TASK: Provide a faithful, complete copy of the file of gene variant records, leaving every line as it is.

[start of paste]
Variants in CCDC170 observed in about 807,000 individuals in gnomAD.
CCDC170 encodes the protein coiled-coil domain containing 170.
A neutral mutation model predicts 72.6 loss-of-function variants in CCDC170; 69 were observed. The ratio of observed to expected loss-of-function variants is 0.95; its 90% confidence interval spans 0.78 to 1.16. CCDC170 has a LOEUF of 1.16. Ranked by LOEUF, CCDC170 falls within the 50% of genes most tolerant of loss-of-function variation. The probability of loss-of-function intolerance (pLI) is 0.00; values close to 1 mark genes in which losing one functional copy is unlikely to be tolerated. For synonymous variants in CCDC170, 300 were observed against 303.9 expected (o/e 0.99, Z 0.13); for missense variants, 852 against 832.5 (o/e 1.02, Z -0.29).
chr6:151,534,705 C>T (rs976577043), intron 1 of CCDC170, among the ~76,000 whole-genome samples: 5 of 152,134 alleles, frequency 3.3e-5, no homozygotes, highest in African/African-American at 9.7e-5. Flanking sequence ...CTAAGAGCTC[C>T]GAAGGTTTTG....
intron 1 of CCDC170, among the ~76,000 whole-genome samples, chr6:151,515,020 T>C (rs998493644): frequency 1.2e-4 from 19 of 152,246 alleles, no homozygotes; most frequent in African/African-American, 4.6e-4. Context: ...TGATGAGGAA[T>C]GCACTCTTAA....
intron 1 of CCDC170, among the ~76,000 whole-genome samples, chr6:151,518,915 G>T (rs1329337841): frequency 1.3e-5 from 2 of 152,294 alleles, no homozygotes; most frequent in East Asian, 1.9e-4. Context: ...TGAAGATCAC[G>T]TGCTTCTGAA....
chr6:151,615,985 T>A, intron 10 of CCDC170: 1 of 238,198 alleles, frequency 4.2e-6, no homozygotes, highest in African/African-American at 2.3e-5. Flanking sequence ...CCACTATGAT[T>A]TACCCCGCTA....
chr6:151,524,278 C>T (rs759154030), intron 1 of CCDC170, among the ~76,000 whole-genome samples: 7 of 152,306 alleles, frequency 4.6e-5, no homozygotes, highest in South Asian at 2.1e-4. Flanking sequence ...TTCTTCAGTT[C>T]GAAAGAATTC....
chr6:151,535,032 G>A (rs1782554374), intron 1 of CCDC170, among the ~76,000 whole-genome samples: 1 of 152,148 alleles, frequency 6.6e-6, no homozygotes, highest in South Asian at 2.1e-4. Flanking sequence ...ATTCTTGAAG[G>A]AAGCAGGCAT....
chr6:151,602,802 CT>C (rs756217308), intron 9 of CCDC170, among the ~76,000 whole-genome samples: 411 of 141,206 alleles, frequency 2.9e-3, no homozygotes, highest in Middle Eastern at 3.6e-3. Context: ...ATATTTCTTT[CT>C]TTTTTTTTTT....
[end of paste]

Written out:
Variants in CCDC170 observed in about 807,000 individuals in gnomAD.
CCDC170 encodes the protein coiled-coil domain containing 170.
A neutral mutation model predicts 72.6 loss-of-function variants in CCDC170; 69 were observed. The ratio of observed to expected loss-of-function variants is 0.95; its 90% confidence interval spans 0.78 to 1.16. CCDC170 has a LOEUF of 1.16. Ranked by LOEUF, CCDC170 falls within the 50% of genes most tolerant of loss-of-function variation. The probability of loss-of-function intolerance (pLI) is 0.00; values close to 1 mark genes in which losing one functional copy is unlikely to be tolerated. For synonymous variants in CCDC170, 300 were observed against 303.9 expected (o/e 0.99, Z 0.13); for missense variants, 852 against 832.5 (o/e 1.02, Z -0.29).
chr6:151,534,705 C>T (rs976577043), intron 1 of CCDC170, among the ~76,000 whole-genome samples: 5 of 152,134 alleles, frequency 3.3e-5, no homozygotes, highest in African/African-American at 9.7e-5. Flanking sequence ...CTAAGAGCTC[C>T]GAAGGTTTTG....
intron 1 of CCDC170, among the ~76,000 whole-genome samples, chr6:151,515,020 T>C (rs998493644): frequency 1.2e-4 from 19 of 152,246 alleles, no homozygotes; most frequent in African/African-American, 4.6e-4. Context: ...TGATGAGGAA[T>C]GCACTCTTAA....
intron 1 of CCDC170, among the ~76,000 whole-genome samples, chr6:151,518,915 G>T (rs1329337841): frequency 1.3e-5 from 2 of 152,294 alleles, no homozygotes; most frequent in East Asian, 1.9e-4. Context: ...TGAAGATCAC[G>T]TGCTTCTGAA....
chr6:151,615,985 T>A, intron 10 of CCDC170: 1 of 238,198 alleles, frequency 4.2e-6, no homozygotes, highest in African/African-American at 2.3e-5. Flanking sequence ...CCACTATGAT[T>A]TACCCCGCTA....
chr6:151,524,278 C>T (rs759154030), intron 1 of CCDC170, among the ~76,000 whole-genome samples: 7 of 152,306 alleles, frequency 4.6e-5, no homozygotes, highest in South Asian at 2.1e-4. Flanking sequence ...TTCTTCAGTT[C>T]GAAAGAATTC....
chr6:151,535,032 G>A (rs1782554374), intron 1 of CCDC170, among the ~76,000 whole-genome samples: 1 of 152,148 alleles, frequency 6.6e-6, no homozygotes, highest in South Asian at 2.1e-4. Flanking sequence ...ATTCTTGAAG[G>A]AAGCAGGCAT....
chr6:151,602,802 CT>C (rs756217308), intron 9 of CCDC170, among the ~76,000 whole-genome samples: 411 of 141,206 alleles, frequency 2.9e-3, no homozygotes, highest in Middle Eastern at 3.6e-3. Context: ...ATATTTCTTT[CT>C]TTTTTTTTTT....